Spray Dye, Wipe Dye, or Spray Tinted Lacquer - Woodworking Talk - Woodworkers Forum
 
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post #1 of 7 Old 01-12-2009, 11:09 AM Thread Starter
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Spray Dye, Wipe Dye, or Spray Tinted Lacquer

I am planning to dye some birch plywood with TansTint and then lacquer it and thought Iíd ask the pros how they do it.

As far as the dilute material I can useÖ
Water
Alcohol
50/50 Alcohol and lacquer thinner (as suggested by the TransTint FAQ)

As far as the application I can do the following and then lacquerÖ
Spray the dye
Wipe the dye
Foam brush the dye


Or instead of any of the above, I can just tint the lacquer and spray it which would save a lot of time.Ö


Thought Iíd get the general consensus before I test each one.

Thanks,

David
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post #2 of 7 Old 01-12-2009, 03:33 PM
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The problem I have with metal acid dyes is almost any thing you put on after will probably dissolve the dye.

Jerry
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post #3 of 7 Old 01-14-2009, 01:13 PM
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Not a professional but I use water for the mix, foam brush it one then apply the oil topcoat. I raise the grain and sand before applying the dye.

In order to get around the lap marks that cabinetman speaks of, I'll hit it twice with the sponge. Gets rid of any lap marks.

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post #4 of 7 Old 01-14-2009, 03:34 PM Thread Starter
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I was hoping to find that one way that works best. But like everything else, everyone has their own way. One guy told me use water, another said alcohol works better. I talked to 4 different people at wood craft and they all said something different too. I am sure there are good reasons to use each application. I think the one I have settled on is mixing the dye with alcohol and lacquer thinner then spraying it on. Then after that Iíll spray two coats of black tinted lacquer. I believe that should give me a nice rich black color. I plan to experiment with many different dilutents anyway, just for fun.

David
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post #5 of 7 Old 01-14-2009, 05:53 PM
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I use alcohol (methanol) as a NGR (non-grain raising) dye. Water mix will raise the grain. Depending on the concentration desired, just wiping may yield overlap lines as it will dry very fast. If you blush spray the dye evenly it goes quickly, and it can be wiped if necessary. It can be done in several applications.

Mixing the dye with lacquer may obscure the grain.






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post #6 of 7 Old 01-14-2009, 10:04 PM
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I am no expert by any means but with Birch plywood my experience has been that it takes stain very well and had no problems with blotching at all. I eve used the the cheap Minwax stains with great results. Shellac or poly over it.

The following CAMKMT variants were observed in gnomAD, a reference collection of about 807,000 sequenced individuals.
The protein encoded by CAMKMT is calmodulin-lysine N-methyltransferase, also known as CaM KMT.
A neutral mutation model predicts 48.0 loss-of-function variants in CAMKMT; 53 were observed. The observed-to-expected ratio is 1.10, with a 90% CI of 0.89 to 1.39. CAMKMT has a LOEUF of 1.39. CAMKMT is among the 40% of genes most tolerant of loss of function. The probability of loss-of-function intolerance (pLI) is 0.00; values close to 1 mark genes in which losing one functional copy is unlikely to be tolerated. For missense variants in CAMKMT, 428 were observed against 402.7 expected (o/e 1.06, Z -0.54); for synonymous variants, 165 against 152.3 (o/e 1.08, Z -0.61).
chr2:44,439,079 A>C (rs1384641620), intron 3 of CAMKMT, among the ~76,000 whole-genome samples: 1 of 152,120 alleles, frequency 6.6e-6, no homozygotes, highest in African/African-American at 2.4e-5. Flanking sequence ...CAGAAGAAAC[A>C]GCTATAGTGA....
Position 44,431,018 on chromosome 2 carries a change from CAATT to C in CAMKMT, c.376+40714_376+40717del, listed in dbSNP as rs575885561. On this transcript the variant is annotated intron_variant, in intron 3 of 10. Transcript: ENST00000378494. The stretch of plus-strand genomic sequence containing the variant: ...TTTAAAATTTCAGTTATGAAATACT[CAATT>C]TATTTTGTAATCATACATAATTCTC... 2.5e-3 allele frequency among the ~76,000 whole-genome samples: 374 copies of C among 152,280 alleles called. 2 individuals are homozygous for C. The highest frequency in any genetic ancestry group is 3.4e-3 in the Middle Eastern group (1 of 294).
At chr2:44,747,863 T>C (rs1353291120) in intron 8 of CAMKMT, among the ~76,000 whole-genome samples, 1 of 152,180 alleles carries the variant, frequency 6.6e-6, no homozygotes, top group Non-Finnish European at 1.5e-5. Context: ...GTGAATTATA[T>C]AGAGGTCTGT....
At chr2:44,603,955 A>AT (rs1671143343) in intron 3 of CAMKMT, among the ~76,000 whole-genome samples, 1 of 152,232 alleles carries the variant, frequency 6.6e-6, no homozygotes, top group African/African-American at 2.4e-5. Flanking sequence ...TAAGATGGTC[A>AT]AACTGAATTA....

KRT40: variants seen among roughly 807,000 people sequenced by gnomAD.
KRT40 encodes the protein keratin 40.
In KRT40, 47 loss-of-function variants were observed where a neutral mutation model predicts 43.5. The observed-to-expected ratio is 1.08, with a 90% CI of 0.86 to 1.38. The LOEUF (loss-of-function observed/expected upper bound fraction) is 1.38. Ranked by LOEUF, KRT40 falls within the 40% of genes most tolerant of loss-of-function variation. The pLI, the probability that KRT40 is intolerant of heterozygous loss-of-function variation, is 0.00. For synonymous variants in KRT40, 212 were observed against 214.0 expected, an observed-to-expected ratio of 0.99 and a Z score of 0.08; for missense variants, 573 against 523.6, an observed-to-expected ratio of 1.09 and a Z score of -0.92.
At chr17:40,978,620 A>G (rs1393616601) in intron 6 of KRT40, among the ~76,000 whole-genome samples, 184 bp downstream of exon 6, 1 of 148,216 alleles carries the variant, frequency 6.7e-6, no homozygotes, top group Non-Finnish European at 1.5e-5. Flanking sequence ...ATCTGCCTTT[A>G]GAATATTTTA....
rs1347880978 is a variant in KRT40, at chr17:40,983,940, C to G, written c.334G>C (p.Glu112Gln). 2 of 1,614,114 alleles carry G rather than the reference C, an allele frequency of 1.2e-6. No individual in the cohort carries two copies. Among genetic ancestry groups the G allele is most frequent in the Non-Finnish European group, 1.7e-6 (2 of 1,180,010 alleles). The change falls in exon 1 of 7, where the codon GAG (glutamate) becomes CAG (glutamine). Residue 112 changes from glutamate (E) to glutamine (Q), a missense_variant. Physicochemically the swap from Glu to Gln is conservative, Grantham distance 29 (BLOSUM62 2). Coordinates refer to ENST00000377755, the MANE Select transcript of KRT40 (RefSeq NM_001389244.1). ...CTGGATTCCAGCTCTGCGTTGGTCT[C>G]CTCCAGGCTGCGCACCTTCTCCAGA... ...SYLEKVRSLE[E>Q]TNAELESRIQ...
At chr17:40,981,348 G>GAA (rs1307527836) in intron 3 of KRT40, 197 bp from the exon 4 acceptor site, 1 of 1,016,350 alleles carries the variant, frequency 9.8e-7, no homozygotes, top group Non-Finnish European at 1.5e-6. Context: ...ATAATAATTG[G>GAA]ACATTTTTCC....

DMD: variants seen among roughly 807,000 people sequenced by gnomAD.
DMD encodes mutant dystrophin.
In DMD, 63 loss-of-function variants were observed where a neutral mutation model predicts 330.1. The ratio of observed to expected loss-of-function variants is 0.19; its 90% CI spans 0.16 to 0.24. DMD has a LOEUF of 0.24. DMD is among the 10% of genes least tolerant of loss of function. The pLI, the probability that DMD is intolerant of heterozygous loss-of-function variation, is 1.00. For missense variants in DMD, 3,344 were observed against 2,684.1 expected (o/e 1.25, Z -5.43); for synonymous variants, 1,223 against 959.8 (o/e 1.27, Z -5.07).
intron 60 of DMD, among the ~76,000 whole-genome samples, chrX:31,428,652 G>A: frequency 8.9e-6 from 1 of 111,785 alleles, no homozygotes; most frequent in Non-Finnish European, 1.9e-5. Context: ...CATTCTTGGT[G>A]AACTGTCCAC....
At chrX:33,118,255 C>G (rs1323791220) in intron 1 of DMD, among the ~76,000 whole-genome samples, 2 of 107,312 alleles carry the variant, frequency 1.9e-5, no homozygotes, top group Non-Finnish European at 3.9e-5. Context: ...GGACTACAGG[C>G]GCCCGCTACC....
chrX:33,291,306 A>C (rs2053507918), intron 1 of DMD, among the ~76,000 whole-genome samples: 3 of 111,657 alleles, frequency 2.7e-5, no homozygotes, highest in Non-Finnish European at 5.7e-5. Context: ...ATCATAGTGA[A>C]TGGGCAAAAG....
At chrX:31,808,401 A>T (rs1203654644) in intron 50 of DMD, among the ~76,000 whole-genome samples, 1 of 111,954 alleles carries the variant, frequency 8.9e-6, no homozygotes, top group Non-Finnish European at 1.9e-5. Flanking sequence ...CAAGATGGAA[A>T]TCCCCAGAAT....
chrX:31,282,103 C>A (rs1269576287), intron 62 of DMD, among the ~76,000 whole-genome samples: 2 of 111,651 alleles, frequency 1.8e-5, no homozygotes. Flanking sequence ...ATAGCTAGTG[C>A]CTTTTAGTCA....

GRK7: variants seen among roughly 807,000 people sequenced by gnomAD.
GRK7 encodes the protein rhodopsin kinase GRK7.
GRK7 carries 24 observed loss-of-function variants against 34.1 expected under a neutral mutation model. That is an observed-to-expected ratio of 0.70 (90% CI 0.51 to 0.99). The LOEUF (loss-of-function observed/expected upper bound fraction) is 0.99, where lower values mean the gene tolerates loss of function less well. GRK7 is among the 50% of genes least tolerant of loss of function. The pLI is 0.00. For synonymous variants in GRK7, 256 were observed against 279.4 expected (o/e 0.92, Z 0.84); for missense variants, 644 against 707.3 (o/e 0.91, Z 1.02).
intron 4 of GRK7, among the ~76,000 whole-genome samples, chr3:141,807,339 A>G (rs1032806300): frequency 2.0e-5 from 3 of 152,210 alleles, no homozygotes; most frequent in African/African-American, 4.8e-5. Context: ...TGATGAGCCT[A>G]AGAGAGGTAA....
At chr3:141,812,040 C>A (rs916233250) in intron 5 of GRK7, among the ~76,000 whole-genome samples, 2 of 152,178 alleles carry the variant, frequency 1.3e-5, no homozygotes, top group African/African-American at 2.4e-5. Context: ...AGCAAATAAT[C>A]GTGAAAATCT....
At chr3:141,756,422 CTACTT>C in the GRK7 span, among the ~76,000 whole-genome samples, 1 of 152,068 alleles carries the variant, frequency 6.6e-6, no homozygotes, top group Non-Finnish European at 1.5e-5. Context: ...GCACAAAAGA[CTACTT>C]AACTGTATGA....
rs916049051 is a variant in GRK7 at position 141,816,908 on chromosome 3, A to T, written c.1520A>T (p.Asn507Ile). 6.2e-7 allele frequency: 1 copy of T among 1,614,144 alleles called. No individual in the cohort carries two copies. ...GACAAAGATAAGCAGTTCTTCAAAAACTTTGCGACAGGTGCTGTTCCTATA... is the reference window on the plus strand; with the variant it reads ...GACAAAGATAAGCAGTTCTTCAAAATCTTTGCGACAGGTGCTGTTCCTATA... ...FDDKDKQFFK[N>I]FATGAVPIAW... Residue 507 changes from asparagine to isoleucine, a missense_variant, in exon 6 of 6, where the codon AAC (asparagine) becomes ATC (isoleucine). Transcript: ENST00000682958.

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post #7 of 7 Old 01-21-2009, 12:49 PM Thread Starter
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I figured I would explain what I ended up doing just incase anyone else has the same questions. I ended up diluting the transtint with a 50/50 mix of alcohol and lacquer thinner and mixed one quart at a time. I sprayed it on, but I did experiment with wiping and foam bruising. Spraying was not difficult because I was going for a deep black. For that reason I could just keep applying coats until it was uniform. You canít get blacker than black right? I think it would be easier to build up color if you arenít set up properly. Had I been trying for a lighter color, I donít think my gun set up ability and my technique is at the level to spray a consistent color. Who knows I may surprise myself one day. For now I would suggest for lighter colors, wetting a rag or a large foam brush. I found that there were no lap lines with the foam brush as long as I didnít let each lap dry before brushing the next line. Use a large foam brush and boogie, and I even would go back over it, like you tip off when painting. Even when there were lap lines, after the dye had completely dried they were that noticeable.

The dye dried leaving a dusty film. I sprayed right over it and it ended up fine. I also tested foam brushing over it and it was fine too.

That was my experience and despite me stressing over it, in the end it turned out good. The only problem I ran into was that before spraying the finish, I had everything set up out side and it started to sprinkle. Before I got everything hauled back into the garage, some of the pieces suffered some water spots where the rain hit the unfinished dye. Oh well, canít see it from the couch.

David
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